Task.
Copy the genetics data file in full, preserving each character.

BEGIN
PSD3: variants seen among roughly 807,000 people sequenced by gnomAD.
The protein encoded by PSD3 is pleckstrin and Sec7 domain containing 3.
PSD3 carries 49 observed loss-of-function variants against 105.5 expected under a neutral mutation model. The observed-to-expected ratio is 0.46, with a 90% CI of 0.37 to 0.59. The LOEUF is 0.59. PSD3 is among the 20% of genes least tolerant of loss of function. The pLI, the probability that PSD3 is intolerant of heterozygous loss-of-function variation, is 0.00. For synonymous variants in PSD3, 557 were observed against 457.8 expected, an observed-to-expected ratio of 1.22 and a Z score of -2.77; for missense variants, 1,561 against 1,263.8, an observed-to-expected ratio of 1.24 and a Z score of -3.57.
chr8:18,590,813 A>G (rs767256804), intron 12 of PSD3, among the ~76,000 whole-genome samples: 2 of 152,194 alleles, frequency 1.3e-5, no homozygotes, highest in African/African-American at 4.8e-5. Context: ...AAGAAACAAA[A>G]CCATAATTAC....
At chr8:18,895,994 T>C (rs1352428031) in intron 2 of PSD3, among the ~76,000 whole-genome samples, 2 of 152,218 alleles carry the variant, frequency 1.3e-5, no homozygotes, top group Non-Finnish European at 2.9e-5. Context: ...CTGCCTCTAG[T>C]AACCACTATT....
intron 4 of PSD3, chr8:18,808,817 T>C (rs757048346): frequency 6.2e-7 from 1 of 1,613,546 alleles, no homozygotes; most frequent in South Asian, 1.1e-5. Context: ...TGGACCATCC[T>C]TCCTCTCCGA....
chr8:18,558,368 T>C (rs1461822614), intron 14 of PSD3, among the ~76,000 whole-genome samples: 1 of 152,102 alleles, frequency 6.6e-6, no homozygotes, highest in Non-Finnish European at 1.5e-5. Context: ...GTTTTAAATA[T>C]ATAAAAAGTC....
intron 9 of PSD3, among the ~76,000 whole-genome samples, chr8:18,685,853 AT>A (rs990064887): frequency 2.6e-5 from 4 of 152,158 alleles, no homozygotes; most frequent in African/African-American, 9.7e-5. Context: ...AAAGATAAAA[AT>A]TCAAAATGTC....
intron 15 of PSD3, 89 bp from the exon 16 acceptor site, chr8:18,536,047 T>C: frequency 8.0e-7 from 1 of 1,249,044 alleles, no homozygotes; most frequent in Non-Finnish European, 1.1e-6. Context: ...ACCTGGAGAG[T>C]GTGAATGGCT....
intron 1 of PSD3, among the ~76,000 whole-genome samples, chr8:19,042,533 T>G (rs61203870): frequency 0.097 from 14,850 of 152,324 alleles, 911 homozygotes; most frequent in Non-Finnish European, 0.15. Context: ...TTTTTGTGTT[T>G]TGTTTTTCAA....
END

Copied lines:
PSD3: variants seen among roughly 807,000 people sequenced by gnomAD.
The protein encoded by PSD3 is pleckstrin and Sec7 domain containing 3.
PSD3 carries 49 observed loss-of-function variants against 105.5 expected under a neutral mutation model. The observed-to-expected ratio is 0.46, with a 90% CI of 0.37 to 0.59. The LOEUF is 0.59. PSD3 is among the 20% of genes least tolerant of loss of function. The pLI, the probability that PSD3 is intolerant of heterozygous loss-of-function variation, is 0.00. For synonymous variants in PSD3, 557 were observed against 457.8 expected, an observed-to-expected ratio of 1.22 and a Z score of -2.77; for missense variants, 1,561 against 1,263.8, an observed-to-expected ratio of 1.24 and a Z score of -3.57.
chr8:18,590,813 A>G (rs767256804), intron 12 of PSD3, among the ~76,000 whole-genome samples: 2 of 152,194 alleles, frequency 1.3e-5, no homozygotes, highest in African/African-American at 4.8e-5. Context: ...AAGAAACAAA[A>G]CCATAATTAC....
At chr8:18,895,994 T>C (rs1352428031) in intron 2 of PSD3, among the ~76,000 whole-genome samples, 2 of 152,218 alleles carry the variant, frequency 1.3e-5, no homozygotes, top group Non-Finnish European at 2.9e-5. Context: ...CTGCCTCTAG[T>C]AACCACTATT....
intron 4 of PSD3, chr8:18,808,817 T>C (rs757048346): frequency 6.2e-7 from 1 of 1,613,546 alleles, no homozygotes; most frequent in South Asian, 1.1e-5. Context: ...TGGACCATCC[T>C]TCCTCTCCGA....
chr8:18,558,368 T>C (rs1461822614), intron 14 of PSD3, among the ~76,000 whole-genome samples: 1 of 152,102 alleles, frequency 6.6e-6, no homozygotes, highest in Non-Finnish European at 1.5e-5. Context: ...GTTTTAAATA[T>C]ATAAAAAGTC....
intron 9 of PSD3, among the ~76,000 whole-genome samples, chr8:18,685,853 AT>A (rs990064887): frequency 2.6e-5 from 4 of 152,158 alleles, no homozygotes; most frequent in African/African-American, 9.7e-5. Context: ...AAAGATAAAA[AT>A]TCAAAATGTC....
intron 15 of PSD3, 89 bp from the exon 16 acceptor site, chr8:18,536,047 T>C: frequency 8.0e-7 from 1 of 1,249,044 alleles, no homozygotes; most frequent in Non-Finnish European, 1.1e-6. Context: ...ACCTGGAGAG[T>C]GTGAATGGCT....
intron 1 of PSD3, among the ~76,000 whole-genome samples, chr8:19,042,533 T>G (rs61203870): frequency 0.097 from 14,850 of 152,324 alleles, 911 homozygotes; most frequent in Non-Finnish European, 0.15. Context: ...TTTTTGTGTT[T>G]TGTTTTTCAA....